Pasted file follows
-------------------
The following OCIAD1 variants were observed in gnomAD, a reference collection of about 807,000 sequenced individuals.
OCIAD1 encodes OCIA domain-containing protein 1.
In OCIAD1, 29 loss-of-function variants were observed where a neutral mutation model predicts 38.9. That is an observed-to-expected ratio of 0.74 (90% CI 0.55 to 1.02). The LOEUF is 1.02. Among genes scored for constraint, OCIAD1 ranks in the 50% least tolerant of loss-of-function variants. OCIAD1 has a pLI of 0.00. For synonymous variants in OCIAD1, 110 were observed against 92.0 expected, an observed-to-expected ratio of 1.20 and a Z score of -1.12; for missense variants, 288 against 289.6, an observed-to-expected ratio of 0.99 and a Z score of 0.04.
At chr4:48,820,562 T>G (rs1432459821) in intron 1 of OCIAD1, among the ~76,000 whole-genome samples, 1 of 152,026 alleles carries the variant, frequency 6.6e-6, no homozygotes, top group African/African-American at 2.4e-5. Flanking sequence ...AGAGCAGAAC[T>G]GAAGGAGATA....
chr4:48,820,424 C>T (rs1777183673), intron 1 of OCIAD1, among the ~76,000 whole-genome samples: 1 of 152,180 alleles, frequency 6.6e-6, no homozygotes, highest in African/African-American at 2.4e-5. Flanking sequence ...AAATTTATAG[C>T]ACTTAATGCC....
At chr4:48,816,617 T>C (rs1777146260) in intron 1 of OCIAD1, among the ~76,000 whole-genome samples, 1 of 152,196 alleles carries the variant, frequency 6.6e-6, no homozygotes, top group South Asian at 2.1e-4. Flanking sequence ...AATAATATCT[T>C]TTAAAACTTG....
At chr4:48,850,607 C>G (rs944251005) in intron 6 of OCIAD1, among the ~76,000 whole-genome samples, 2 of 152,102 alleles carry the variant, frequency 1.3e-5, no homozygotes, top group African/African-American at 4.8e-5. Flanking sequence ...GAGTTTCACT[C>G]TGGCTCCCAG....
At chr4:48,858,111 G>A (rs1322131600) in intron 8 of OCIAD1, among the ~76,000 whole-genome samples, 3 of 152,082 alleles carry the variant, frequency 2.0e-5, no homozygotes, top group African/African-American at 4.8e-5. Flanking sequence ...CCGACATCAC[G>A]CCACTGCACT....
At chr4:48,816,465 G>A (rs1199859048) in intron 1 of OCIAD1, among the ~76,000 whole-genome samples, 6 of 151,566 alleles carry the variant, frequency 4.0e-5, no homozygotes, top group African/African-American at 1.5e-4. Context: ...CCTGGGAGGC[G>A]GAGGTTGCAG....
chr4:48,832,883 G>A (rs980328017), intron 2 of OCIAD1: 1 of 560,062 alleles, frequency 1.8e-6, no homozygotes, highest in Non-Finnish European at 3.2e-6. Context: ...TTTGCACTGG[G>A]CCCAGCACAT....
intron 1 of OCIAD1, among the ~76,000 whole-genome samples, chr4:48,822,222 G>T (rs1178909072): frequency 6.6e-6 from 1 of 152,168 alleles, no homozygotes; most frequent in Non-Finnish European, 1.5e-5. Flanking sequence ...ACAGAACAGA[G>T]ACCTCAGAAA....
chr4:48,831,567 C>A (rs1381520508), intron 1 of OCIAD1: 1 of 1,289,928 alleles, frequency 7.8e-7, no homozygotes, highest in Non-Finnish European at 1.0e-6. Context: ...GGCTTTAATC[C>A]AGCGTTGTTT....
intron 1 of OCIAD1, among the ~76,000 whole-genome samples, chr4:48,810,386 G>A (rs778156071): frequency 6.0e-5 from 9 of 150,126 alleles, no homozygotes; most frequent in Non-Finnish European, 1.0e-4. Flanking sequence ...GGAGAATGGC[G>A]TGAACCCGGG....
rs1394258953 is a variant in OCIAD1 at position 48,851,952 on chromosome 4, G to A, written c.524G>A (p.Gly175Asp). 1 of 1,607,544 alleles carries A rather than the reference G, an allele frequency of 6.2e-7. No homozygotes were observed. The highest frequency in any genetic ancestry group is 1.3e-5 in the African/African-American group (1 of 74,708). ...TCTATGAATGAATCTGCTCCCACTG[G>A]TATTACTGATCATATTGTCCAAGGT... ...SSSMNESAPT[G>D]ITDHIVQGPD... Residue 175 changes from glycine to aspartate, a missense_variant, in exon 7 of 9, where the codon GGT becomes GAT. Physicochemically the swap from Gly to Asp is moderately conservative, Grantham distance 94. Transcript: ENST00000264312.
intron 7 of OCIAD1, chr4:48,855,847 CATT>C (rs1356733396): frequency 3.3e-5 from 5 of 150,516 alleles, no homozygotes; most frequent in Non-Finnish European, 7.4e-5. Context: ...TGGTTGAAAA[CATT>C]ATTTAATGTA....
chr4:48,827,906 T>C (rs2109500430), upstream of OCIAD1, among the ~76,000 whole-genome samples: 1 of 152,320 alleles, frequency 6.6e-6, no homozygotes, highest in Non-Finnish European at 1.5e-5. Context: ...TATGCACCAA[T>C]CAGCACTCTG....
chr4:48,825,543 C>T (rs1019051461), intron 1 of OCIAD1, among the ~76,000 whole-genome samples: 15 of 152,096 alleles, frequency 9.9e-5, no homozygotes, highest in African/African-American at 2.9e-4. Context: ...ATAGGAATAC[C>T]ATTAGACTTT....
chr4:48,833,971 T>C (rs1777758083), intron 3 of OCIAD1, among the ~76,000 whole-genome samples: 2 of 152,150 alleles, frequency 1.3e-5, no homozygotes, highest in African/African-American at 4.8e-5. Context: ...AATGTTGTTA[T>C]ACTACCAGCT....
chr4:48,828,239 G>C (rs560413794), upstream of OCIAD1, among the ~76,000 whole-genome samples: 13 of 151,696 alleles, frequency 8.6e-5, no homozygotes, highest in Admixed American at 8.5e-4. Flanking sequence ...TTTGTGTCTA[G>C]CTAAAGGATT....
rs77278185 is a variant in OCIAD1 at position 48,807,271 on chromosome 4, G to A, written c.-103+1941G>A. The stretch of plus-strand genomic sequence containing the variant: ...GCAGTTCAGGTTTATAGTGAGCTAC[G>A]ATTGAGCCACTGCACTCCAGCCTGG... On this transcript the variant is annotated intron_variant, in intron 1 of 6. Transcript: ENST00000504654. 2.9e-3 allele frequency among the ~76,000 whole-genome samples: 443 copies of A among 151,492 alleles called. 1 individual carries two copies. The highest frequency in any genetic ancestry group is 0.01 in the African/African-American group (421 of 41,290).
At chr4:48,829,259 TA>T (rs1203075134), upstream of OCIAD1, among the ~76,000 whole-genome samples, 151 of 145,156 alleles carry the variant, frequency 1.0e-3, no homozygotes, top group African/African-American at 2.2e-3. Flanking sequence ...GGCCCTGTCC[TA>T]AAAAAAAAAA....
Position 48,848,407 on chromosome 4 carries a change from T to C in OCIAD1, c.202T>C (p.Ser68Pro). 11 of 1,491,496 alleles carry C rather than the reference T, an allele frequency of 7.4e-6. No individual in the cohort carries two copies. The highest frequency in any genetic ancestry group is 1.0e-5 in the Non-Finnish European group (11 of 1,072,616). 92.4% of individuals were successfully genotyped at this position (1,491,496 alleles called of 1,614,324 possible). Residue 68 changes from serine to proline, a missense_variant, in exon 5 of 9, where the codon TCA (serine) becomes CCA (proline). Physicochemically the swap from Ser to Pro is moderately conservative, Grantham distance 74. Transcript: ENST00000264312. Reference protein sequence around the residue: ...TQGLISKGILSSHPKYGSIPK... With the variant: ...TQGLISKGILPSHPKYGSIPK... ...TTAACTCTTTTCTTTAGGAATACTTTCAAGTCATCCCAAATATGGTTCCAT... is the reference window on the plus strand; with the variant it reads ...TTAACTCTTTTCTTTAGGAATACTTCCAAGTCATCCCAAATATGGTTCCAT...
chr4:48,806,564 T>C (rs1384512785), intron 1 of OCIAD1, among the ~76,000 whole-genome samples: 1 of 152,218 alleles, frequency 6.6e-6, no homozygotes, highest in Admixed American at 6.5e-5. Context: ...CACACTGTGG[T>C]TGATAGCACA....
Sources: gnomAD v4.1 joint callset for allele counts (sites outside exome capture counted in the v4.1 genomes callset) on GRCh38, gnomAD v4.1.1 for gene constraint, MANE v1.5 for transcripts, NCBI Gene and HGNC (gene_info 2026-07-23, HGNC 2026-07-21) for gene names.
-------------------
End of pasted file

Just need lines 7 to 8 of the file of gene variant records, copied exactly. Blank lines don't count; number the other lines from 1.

At chr4:48,850,607 C>G (rs944251005) in intron 6 of OCIAD1, among the ~76,000 whole-genome samples, 2 of 152,102 alleles carry the variant, frequency 1.3e-5, no homozygotes, top group African/African-American at 4.8e-5. Flanking sequence ...GAGTTTCACT[C>G]TGGCTCCCAG....
At chr4:48,858,111 G>A (rs1322131600) in intron 8 of OCIAD1, among the ~76,000 whole-genome samples, 3 of 152,082 alleles carry the variant, frequency 2.0e-5, no homozygotes, top group African/African-American at 4.8e-5. Flanking sequence ...CCGACATCAC[G>A]CCACTGCACT....